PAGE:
[19] Jefferson to James Madison, January 30, 1787, Founders Online, National Archives (, accessed February 24, 2016. Source: The Papers of Thomas Jefferson, vol. 11, 1 January–6 August 1787, ed. Julian P. Boyd (Princeton: Princeton University Press, 1955), 92–97. Aside from the healing waters, the trip would allow Jefferson “an opportunity of examining the canal of Languedoc and of acquiring knowlege of that species of navigation … it will enable me to take the tour of the ports concerned in commerce with us.”

[20] Jefferson to Cosway, July 1, 1787, Founders Online, National Archives (, accessed February 24, 2016. Source: The Papers of Thomas Jefferson, vol. 11, 519–520.

[21] Jefferson to Cosway, 26 September 1788, Founders Online, National Archives (, accessed February 24, 2016). Source: The Papers of Thomas Jefferson, vol. 13, March–7 October 1788, ed. Julian P. Boyd (Princeton: Princeton University Press, 1956), 638–639.

[22] Ibid.

[23] Jefferson did not however, free Sally in her lifetime. Upon Jefferson’s death, his daughter Martha gave Sally “her time”, which was a form of freedom which allowed her stay in Virginia. State law of the time said if a slave was freed, the slave had to leave the state within a year. Sally then, reportedly, was able to live with sons Madison and Eston in Charlottesville, until her death in 1835. Her gravesite location is unknown.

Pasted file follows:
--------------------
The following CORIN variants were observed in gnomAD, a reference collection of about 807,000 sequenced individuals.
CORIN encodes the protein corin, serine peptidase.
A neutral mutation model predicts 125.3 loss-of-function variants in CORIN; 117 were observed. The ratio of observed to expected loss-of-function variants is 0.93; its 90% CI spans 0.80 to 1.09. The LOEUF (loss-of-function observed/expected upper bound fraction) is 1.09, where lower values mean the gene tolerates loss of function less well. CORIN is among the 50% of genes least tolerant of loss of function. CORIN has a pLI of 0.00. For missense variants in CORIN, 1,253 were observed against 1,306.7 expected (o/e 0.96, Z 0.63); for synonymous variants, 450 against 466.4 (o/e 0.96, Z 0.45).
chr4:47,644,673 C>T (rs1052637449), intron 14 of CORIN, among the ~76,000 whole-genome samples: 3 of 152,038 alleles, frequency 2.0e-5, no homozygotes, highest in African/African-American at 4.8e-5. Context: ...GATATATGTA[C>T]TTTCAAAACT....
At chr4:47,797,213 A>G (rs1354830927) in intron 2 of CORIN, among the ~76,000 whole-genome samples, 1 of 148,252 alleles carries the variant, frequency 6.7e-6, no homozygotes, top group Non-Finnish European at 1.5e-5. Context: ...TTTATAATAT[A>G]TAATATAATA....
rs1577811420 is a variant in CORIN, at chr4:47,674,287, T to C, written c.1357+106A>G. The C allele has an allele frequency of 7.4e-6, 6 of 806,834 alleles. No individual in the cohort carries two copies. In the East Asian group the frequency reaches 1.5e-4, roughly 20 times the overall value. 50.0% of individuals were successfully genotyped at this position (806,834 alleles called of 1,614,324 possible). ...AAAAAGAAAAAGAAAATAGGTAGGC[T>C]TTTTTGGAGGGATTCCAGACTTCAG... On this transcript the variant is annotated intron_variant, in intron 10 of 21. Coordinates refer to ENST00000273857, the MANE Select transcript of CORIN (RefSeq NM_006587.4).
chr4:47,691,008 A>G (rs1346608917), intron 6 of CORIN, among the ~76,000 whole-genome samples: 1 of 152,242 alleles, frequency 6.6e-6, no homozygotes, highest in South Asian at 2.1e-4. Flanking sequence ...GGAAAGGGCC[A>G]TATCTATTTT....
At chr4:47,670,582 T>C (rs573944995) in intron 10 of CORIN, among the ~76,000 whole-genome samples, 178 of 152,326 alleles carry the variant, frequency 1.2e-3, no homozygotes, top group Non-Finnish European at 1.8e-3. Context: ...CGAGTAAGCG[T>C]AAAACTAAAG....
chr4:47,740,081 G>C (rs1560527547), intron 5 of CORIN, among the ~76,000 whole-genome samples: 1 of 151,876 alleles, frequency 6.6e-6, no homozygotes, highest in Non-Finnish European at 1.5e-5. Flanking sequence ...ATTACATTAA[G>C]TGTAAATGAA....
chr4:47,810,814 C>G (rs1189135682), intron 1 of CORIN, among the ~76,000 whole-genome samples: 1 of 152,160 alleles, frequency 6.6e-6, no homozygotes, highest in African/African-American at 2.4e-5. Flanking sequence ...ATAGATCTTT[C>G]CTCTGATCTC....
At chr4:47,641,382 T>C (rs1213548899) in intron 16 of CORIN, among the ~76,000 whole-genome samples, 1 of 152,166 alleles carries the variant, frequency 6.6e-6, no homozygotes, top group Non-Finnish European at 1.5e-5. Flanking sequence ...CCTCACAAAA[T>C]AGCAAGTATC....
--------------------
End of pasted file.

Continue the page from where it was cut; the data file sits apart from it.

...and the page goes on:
[24] Meacham, Thomas Jefferson: The Art of Power, 522-523.

[25] The Y chromosome of DNA was used because Thomas Jefferson had no sons (direct male heirs).

[26] Meacham, Thomas Jefferson: The Art of Power, 522.

[27] (accessed February 21, 2016).

[28] . The Thomas Jefferson Foundation’s Final Report can be accessed here: . The Thomas Jefferson Foundation’s Minority Report can be accessed here:


[30] (accessed February 21, 2016).



  • I believe “Belinda” is a literary allusion. Belinda is the gorgeous heroine of Alexander Pope’s epic poem, “The Rape of the Lock.” (1712) She is so beautiful that “every eye was fixed on her alone.”

    1. Thank you, Seldon. In regards to Rebecca Burwell, you very well might be right about where Jefferson’s source for “Belinda” originated; knowing Jefferson’s familiarity with the poetry and the popularity of Alexander Pope in his day. Thank you for sharing that contribution.